T-Minus 11 Days - What Hath the Sun & Matadors to Do with Elfland?

Feast of St Kyriake the Great Martyr

Roy_Campbell_Square.jpgROY CAMPBELL was a South African poet educated at Oxford. There he met C. S. Lewis, but apparently made no impression on him at the time. Campbell traveled through his long dark night of agnosticism and found the wholeness of reality in backward Spain. There he shed not only his agnosticism, but also his childhood Calvinism, by swimming the Tiber: a double heresy for England’s literary elite.

From Tolkien’s letters we know that Campbell reacquainted himself with Lewis in the late 1930s; a meeting that inspired Lewis’s virulent antagonism, while making a favorable impression on J. R. R. Tolkien.

After the war, Campbell spent some years with the BBC interviewing various poets. During this time he made enough pilgrimages to the Eagle and the Child for Joseph Pearce to make a case for including him among the Inklings.


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In the final scene of the Last Battle, that poignant scene of such sadness and beauty, we see the Pevensies going up and in, higher and higher to ever yet more real forms of England, of middle earth. In one sense, the mythopoetic allows us, through the imagination, to glimpse the true reality that faith reveals to us as greater than the one to which we are shackled to in the concrete here-and-now. Roy Campbell exemplified how the poet must burst those shackles by his imaginative sounding of words "to go up and in."

In Spain, Campbell composed a series of poems collected in the book Mithraic Embers, an allusion to the bull-worshiping cult that competed with Christianity in the third and fourth centuries. Pearce, who read the whole series, tells us they show the progression of Campbell’s conversion to the true faith that allows its acolyte to enter the Really Real.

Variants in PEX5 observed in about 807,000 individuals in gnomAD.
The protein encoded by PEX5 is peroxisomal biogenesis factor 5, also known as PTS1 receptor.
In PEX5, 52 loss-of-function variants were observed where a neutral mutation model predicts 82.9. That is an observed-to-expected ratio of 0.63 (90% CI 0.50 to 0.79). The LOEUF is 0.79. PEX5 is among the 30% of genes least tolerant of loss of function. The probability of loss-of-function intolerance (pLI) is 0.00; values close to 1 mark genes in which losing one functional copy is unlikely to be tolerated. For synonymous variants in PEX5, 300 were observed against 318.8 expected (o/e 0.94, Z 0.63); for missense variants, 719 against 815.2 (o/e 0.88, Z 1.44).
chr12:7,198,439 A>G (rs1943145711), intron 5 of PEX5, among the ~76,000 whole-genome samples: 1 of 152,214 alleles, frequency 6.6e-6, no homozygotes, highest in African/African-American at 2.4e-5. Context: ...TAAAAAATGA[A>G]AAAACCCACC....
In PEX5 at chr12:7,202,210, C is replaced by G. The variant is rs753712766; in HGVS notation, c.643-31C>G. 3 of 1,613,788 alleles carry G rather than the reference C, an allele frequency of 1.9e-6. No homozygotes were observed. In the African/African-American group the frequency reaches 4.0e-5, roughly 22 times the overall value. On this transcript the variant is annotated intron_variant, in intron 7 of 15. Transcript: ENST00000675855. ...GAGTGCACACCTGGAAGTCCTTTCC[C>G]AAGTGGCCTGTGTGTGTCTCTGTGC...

Our earliest depiction of Christ is truly scandalous: it shows Him as the pagan god Helios. Ancient Christians (and Jews and pagans) prayed to the east: to the direction of the rising sun. For the Christians, in their vigil till sunrise on Easter morning, the rising sun bespoke the risen Son. At the end of the poetic series and at his journey’s end, Campbell weds this image to that of the matador, the terero. White, the color of the Sun, is one color and all colors: Campbell’s “seven hues."

We do not enjoy poetry today, because we have been sentenced to read it silently. But poetry must be read aloud to enjoy the sound. Much as we savor wine as we sip it, so too must we savor the sound as we hear it.

Try this poem aloud:

To the Sun (From Mithraic Embers)
   by Roy Campbell

Oh let your shining orb grow dim,
Of Christ the mirror and the shield,
That I may gaze through you to Him,
See half the miracle revealed,
And in your seven hues behold
The Blue Man walking on the sea;
The Green, beneath the summer tree,
Who called the children; then the Gold
With palms, the Orange, flaring bold
With scourges; Purple in the garden
(As Greco saw it): and then the Red
Torero (Him who took the toss
And rode the black horns of the cross–
But rose snow-silver from the dead!)

After his "resurrection", Gandalf the Gray becomes Gandalf the White–the wizard of the true multicolor colored cloak unlike Saruman’s–wearing the color that reflects the divine perfection. Might Tolkien have gotten this image from Campbell?


Malcolm C. Harris, Sr. is Professor of Finance at Friends University. He has presented J. R. R. Tolkien and G. K. Chesterton, along with several other heroes, at the Hall of Men, a bimonthly event organized by Eighth Day Institute. He also organizes a Readers of First Things discussion group at Eighth Day Books.

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